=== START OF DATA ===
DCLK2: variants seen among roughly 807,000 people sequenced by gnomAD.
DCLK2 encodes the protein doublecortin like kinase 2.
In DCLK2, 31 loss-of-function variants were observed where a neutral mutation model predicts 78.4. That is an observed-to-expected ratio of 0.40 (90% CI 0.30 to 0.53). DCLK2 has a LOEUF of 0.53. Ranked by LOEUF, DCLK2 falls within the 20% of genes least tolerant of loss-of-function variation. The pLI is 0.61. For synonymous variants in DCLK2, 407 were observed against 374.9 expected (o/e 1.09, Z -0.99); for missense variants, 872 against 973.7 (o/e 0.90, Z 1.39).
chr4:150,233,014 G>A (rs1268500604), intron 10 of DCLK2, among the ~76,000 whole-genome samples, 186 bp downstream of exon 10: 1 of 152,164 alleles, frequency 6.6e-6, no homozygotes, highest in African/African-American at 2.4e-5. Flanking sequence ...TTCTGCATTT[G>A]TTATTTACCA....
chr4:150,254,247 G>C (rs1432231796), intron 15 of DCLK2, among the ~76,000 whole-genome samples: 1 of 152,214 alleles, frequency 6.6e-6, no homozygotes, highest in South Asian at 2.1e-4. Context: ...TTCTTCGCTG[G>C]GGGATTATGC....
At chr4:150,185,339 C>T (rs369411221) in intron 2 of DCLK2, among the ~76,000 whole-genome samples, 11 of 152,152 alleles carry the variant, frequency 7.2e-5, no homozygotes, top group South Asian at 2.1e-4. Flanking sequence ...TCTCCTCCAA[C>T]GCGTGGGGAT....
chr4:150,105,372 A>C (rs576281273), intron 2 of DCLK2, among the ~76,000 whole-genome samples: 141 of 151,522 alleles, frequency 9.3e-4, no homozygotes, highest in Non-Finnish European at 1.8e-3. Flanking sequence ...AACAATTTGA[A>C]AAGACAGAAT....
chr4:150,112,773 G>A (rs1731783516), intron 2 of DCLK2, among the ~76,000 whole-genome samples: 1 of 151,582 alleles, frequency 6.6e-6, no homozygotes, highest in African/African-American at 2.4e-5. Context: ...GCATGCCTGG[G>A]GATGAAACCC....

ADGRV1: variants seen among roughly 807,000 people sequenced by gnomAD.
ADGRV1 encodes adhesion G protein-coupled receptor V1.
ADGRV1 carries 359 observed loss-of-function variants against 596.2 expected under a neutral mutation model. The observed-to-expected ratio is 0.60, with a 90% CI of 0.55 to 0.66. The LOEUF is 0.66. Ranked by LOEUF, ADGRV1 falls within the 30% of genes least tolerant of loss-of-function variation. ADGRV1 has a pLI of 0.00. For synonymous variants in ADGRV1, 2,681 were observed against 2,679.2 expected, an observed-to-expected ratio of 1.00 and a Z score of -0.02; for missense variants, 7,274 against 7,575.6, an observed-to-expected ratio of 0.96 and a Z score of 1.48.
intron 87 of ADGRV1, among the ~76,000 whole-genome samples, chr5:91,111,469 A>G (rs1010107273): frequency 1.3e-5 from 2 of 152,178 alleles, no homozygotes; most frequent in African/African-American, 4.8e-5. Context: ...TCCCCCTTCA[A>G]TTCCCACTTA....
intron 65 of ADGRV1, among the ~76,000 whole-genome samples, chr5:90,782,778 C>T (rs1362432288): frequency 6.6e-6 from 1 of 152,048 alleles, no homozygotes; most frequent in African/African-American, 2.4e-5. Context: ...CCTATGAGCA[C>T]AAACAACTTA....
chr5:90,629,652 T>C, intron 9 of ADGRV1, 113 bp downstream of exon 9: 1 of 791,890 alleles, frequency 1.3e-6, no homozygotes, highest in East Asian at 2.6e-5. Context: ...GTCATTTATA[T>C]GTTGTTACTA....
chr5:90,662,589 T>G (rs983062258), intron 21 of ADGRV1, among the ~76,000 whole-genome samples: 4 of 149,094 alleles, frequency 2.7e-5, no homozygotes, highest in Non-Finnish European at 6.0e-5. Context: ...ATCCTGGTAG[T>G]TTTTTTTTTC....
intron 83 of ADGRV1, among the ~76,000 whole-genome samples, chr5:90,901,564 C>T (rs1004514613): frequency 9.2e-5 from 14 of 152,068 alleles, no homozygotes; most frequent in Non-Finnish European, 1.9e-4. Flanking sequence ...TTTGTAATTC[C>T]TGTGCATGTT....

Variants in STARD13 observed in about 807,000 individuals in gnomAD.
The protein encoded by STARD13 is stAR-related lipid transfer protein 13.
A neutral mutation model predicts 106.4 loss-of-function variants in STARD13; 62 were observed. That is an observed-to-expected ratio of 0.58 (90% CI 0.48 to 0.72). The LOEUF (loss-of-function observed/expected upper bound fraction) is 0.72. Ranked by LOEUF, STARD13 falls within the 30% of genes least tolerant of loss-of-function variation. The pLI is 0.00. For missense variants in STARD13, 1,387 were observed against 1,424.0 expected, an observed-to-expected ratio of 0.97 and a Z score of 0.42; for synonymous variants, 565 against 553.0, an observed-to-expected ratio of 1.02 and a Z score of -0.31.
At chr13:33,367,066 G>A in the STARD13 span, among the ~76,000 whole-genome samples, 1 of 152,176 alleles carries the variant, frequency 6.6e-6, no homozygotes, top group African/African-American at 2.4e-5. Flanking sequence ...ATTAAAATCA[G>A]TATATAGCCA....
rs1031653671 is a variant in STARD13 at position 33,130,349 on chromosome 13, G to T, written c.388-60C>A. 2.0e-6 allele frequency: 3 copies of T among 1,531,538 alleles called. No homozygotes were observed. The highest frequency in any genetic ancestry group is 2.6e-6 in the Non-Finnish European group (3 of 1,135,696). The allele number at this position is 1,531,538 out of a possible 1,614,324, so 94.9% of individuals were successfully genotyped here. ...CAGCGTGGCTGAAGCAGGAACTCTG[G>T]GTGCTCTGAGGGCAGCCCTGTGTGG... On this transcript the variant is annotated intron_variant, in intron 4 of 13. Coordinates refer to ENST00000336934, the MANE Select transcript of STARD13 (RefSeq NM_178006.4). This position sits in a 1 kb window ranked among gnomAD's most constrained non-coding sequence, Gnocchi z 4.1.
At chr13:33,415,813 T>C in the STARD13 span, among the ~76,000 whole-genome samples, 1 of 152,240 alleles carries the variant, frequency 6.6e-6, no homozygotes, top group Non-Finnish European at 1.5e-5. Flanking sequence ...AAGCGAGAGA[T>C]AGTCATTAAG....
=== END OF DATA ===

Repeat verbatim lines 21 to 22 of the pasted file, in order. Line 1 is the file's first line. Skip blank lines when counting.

rs1031653671 is a variant in STARD13 at position 33,130,349 on chromosome 13, G to T, written c.388-60C>A. 2.0e-6 allele frequency: 3 copies of T among 1,531,538 alleles called. No homozygotes were observed. The highest frequency in any genetic ancestry group is 2.6e-6 in the Non-Finnish European group (3 of 1,135,696). The allele number at this position is 1,531,538 out of a possible 1,614,324, so 94.9% of individuals were successfully genotyped here. ...CAGCGTGGCTGAAGCAGGAACTCTG[G>T]GTGCTCTGAGGGCAGCCCTGTGTGG... On this transcript the variant is annotated intron_variant, in intron 4 of 13. Coordinates refer to ENST00000336934, the MANE Select transcript of STARD13 (RefSeq NM_178006.4). This position sits in a 1 kb window ranked among gnomAD's most constrained non-coding sequence, Gnocchi z 4.1.
At chr13:33,415,813 T>C in the STARD13 span, among the ~76,000 whole-genome samples, 1 of 152,240 alleles carries the variant, frequency 6.6e-6, no homozygotes, top group Non-Finnish European at 1.5e-5. Flanking sequence ...AAGCGAGAGA[T>C]AGTCATTAAG....